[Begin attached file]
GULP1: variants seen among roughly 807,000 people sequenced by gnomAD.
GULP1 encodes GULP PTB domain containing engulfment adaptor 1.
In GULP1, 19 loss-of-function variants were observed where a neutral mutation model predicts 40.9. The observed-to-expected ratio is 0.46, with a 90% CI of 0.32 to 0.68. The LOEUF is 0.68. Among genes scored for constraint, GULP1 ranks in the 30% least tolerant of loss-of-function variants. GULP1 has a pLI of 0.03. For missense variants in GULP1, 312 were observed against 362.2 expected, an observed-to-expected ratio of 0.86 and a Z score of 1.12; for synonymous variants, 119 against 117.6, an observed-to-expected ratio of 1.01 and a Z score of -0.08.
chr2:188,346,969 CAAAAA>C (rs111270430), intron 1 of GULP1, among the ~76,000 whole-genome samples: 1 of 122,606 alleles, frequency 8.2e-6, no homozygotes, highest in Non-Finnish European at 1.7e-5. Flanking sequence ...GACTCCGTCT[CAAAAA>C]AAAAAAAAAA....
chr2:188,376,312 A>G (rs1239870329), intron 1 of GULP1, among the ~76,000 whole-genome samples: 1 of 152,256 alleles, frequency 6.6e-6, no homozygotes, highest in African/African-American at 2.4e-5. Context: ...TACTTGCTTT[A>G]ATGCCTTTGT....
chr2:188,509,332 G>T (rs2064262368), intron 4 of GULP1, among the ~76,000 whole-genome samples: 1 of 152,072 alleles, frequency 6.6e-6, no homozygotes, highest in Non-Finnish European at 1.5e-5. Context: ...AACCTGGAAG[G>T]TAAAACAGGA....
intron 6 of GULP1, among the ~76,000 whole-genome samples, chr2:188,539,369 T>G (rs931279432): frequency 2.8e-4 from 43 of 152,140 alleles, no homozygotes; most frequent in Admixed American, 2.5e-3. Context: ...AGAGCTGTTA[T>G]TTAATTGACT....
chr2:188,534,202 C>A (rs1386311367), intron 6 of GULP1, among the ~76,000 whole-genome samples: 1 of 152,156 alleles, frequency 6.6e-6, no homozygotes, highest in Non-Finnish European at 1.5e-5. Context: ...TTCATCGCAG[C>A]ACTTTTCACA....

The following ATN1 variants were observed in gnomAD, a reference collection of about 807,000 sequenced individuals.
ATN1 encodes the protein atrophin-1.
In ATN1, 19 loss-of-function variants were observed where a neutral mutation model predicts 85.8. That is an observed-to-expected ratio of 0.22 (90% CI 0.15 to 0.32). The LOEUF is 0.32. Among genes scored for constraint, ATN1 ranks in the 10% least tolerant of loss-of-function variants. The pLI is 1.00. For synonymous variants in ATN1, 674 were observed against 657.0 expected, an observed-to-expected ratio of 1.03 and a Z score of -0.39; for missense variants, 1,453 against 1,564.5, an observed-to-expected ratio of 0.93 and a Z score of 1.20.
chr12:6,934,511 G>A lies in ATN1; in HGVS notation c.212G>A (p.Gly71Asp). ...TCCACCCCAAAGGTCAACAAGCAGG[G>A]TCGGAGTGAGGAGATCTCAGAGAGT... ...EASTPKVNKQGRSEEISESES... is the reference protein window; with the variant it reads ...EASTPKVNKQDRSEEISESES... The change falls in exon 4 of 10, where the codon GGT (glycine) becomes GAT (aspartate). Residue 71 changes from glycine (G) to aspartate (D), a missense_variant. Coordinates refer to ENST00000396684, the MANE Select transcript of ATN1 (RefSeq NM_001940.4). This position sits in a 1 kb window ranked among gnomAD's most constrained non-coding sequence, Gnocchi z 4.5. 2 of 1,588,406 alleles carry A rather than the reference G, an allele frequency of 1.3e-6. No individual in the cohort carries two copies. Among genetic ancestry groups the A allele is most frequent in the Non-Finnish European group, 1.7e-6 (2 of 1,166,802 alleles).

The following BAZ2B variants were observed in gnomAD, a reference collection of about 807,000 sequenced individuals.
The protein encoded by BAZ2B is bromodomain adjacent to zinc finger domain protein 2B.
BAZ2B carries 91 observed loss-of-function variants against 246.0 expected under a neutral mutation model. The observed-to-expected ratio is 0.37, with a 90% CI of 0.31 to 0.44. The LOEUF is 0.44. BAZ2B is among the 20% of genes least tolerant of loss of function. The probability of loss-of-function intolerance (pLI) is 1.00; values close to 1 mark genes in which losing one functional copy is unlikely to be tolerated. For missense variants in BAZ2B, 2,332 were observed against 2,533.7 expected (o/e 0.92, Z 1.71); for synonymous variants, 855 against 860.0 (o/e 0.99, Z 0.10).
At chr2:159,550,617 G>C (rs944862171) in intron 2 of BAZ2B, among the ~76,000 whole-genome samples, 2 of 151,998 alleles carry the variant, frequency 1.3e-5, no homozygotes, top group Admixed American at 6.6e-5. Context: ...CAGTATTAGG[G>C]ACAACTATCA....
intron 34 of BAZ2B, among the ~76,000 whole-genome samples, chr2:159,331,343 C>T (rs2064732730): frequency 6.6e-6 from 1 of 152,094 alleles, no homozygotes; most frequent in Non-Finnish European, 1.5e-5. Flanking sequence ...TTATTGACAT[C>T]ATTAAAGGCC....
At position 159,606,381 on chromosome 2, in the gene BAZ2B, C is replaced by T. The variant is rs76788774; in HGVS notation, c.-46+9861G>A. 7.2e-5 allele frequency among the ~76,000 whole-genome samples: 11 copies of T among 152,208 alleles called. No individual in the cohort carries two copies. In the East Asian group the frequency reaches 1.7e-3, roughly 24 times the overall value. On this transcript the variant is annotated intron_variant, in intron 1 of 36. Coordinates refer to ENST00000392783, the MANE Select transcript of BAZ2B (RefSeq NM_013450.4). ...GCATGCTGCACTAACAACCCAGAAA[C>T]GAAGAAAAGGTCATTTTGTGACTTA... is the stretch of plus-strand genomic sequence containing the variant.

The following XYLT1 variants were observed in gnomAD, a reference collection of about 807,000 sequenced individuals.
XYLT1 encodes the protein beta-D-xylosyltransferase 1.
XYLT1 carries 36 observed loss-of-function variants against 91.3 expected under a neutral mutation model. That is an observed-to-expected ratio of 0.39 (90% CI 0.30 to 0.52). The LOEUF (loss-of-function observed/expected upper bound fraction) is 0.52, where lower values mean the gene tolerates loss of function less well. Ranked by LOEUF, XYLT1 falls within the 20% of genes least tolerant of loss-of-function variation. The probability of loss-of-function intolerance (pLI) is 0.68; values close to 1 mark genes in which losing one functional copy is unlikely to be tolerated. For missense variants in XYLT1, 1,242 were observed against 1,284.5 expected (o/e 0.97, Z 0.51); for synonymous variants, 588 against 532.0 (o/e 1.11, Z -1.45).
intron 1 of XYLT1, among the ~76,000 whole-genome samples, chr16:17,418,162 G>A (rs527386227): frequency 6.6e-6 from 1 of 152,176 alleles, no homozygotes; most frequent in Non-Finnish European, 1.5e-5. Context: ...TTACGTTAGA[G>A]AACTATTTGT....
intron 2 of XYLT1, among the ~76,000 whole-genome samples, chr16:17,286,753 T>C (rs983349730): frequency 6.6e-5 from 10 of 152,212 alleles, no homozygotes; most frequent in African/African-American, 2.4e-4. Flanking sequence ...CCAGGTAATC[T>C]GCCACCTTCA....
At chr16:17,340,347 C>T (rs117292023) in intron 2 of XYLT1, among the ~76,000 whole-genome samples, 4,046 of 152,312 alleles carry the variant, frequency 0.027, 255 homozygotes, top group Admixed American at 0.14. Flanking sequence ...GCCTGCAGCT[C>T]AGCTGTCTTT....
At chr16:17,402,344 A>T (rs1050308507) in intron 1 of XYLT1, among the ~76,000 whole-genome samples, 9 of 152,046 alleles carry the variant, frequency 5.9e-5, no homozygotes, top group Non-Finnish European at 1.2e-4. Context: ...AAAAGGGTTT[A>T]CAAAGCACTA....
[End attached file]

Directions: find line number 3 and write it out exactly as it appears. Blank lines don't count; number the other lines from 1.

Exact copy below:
In GULP1, 19 loss-of-function variants were observed where a neutral mutation model predicts 40.9. The observed-to-expected ratio is 0.46, with a 90% CI of 0.32 to 0.68. The LOEUF is 0.68. Among genes scored for constraint, GULP1 ranks in the 30% least tolerant of loss-of-function variants. GULP1 has a pLI of 0.03. For missense variants in GULP1, 312 were observed against 362.2 expected, an observed-to-expected ratio of 0.86 and a Z score of 1.12; for synonymous variants, 119 against 117.6, an observed-to-expected ratio of 1.01 and a Z score of -0.08.